January 22, 2012
Sun Ra Sunday
Sun Ra & His Arkestra: Châteauvallon, France 8-24-76 (AUD 2CDR)
The Arkestra stayed in Europe almost two months during the summer of 1976, opening the tour at Mutualité in Paris on July 8 and immediately traveling to Switzerland to record Live At Montreux on the 9th. On July 10, the band was in Pescara, Italy where an eighteen-minute portion of their performance was broadcast on RAI, Italian state television but I have not seen this (I do not believe a recording circulates). From there, the tour crisscrossed the continent: July 11 in Nimes, France; July 18 at the North Sea Jazz Festival in Gravenhage, Netherlands; July 20 at Giornate del Jazz in Ravenna, Italy (an audience recording is purported to exist, but I don't have it); July 25 at La Pinéde, Juan les Pins, France; back to Montreux on August 6; Arles, France on August 7; and, after recording Cosmos at Studio Hautefeuille in Paris, concluded the tour with two shows at Châteauvallon on August 24 and 25. (See Campbell & Trent pp.222-227.) These last two concerts were recorded from the audience (probably by the same person) and is widely traded amongst Sun Ra collectors. The sets are mostly complete and while the sound quality is not very good (hissy, boomy, distorted, etc.), they are certainly listenable, as these things go (a little tweaking of the EQ helps tremendously).
At only about one-hundred minutes, the concert on the 24th is considerably shorter than on the 25th and is notable for the absence of June Tyson (leaving John Gilmore to lead the way on most of the sing-a-longs). Perhaps this was an impromptu appearance by the Arkestra, with the “official” gig being the 25th? Moreover, Sonny has not been provided a piano, meaning the old-timey numbers have a souped-up, electrified feel quite different from the Montreux arrangements. In any event, they would play a more conventional set the following night.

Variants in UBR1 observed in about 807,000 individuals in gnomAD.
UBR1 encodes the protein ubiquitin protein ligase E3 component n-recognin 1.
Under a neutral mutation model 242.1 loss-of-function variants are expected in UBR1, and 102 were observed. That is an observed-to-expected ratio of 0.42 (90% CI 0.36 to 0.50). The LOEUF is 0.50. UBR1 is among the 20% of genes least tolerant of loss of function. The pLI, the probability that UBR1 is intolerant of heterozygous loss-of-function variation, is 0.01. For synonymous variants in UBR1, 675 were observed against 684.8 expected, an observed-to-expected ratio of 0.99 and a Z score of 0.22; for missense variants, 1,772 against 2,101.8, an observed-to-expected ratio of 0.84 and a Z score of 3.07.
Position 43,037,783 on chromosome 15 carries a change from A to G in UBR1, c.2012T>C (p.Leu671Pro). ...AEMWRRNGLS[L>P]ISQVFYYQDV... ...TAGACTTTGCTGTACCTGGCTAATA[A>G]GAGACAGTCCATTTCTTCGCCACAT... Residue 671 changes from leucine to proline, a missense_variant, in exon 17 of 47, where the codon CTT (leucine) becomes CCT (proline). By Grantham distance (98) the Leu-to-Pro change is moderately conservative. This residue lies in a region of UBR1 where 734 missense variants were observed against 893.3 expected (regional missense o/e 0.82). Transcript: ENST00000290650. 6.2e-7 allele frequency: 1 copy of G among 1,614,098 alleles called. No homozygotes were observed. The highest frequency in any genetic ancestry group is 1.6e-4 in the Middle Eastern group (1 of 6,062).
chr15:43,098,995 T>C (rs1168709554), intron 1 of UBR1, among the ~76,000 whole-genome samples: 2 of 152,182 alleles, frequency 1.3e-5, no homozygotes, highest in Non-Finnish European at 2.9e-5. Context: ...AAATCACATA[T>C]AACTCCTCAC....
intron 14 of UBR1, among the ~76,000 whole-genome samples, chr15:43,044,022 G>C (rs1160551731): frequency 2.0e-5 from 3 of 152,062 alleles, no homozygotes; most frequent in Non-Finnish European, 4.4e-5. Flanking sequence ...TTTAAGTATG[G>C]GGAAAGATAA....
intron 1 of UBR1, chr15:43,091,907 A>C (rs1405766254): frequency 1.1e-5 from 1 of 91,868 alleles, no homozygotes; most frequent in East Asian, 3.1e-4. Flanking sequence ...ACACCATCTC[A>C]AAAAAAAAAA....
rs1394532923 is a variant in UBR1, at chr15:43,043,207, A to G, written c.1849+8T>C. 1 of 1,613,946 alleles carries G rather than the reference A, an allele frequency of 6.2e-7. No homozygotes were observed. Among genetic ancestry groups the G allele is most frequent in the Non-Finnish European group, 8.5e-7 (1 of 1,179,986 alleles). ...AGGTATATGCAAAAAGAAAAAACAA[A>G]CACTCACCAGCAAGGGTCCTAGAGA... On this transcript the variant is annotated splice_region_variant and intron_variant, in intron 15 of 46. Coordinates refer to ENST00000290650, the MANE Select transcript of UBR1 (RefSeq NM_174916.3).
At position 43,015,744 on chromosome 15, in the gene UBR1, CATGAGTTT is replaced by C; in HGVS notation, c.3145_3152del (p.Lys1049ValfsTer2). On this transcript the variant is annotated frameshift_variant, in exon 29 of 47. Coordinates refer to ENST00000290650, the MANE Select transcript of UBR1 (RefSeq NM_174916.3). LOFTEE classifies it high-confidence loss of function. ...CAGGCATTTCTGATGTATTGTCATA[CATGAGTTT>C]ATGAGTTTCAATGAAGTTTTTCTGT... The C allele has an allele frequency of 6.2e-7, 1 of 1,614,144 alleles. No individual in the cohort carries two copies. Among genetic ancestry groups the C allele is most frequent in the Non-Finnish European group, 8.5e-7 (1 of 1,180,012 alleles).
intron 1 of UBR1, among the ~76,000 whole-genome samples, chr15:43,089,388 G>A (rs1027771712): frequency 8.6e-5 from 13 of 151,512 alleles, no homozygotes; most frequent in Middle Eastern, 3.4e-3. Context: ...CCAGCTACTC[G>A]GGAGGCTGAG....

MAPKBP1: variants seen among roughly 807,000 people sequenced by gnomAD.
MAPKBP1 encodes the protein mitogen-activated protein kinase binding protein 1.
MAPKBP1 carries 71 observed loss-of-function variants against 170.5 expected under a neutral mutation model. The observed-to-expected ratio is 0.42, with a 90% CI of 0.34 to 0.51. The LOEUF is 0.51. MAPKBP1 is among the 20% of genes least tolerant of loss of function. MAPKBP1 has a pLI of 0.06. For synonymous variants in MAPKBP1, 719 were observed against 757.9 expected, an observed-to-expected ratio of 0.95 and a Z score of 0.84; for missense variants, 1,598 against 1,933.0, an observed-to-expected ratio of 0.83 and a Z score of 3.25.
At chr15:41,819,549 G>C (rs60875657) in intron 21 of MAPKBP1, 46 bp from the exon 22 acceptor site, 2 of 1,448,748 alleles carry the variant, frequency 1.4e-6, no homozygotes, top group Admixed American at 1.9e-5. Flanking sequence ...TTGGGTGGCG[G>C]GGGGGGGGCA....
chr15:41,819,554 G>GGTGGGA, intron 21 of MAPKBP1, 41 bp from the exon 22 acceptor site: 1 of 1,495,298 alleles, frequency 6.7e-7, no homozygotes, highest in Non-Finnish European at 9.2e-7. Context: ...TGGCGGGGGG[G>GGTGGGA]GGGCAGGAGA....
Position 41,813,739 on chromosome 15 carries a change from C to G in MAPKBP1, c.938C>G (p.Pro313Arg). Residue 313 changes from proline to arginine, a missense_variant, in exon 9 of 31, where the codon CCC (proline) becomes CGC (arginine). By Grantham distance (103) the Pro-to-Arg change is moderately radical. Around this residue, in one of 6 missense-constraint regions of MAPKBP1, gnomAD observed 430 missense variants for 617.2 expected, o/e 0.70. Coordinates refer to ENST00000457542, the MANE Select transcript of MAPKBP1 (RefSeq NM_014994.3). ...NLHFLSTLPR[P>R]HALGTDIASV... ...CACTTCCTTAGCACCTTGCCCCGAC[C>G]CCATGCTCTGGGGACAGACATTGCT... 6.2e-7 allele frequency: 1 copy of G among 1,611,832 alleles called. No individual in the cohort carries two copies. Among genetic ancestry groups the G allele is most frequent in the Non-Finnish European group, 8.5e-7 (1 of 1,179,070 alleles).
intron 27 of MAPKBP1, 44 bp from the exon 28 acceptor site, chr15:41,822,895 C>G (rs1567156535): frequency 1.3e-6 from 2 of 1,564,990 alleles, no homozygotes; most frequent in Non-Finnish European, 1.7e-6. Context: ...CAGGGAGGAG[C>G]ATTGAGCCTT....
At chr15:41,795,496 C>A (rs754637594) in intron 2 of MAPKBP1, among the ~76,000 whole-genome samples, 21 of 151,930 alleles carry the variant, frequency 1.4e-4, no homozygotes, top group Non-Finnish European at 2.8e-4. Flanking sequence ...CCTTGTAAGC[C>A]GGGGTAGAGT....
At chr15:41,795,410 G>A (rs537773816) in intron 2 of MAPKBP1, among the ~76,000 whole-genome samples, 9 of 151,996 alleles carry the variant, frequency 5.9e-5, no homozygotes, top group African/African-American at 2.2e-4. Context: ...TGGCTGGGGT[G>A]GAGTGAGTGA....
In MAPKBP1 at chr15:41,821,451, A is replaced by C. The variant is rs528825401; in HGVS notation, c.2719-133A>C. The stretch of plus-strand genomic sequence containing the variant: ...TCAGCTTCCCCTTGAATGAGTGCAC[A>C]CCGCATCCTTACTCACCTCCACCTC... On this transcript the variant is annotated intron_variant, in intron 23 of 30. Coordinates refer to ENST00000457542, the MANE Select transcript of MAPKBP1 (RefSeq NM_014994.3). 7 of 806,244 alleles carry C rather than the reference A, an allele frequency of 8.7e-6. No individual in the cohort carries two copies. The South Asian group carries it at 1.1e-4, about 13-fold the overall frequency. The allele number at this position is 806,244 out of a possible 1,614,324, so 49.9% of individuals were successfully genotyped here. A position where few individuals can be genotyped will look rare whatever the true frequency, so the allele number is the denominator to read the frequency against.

The opening improvisation has a wonderfully exotic, “Strange Strings” sound that goes on for a few minutes until Gilmore starts chanting “For The Sunrise” and Sun Ra enters the stage to enthusiastic applause. After a world-shattering space chord, “Discipline 27” follows. The band sounds big and full-bodied (if dimly recorded), the baritone saxophones heading the charge while Ahmed Abdullah delivers a tasty trumpet solo. Then Sonny charges into “The Shadow World” and we’re off! Despite the dodgy sound quality, this seventeen-plus minute version is extraordinary. We get the usual freakouts from Gilmore on tenor sax and Eloe Omoe on bass clarinet, followed by a mad-scientist organ solo from Ra—but then there’s a long, spacey group improvisation featuring colorfully smeared trumpet (Chris Capers?) and James Jacson’s throaty bassoon (!) and it goes about as far out there as the I've ever heard the Arkestra go! Astounding! After Ra signals a quick reprise of the fanatically complicated head, the sudden ending is met with stunned silence from the crowd. Seriously, all you can hear is tape hiss!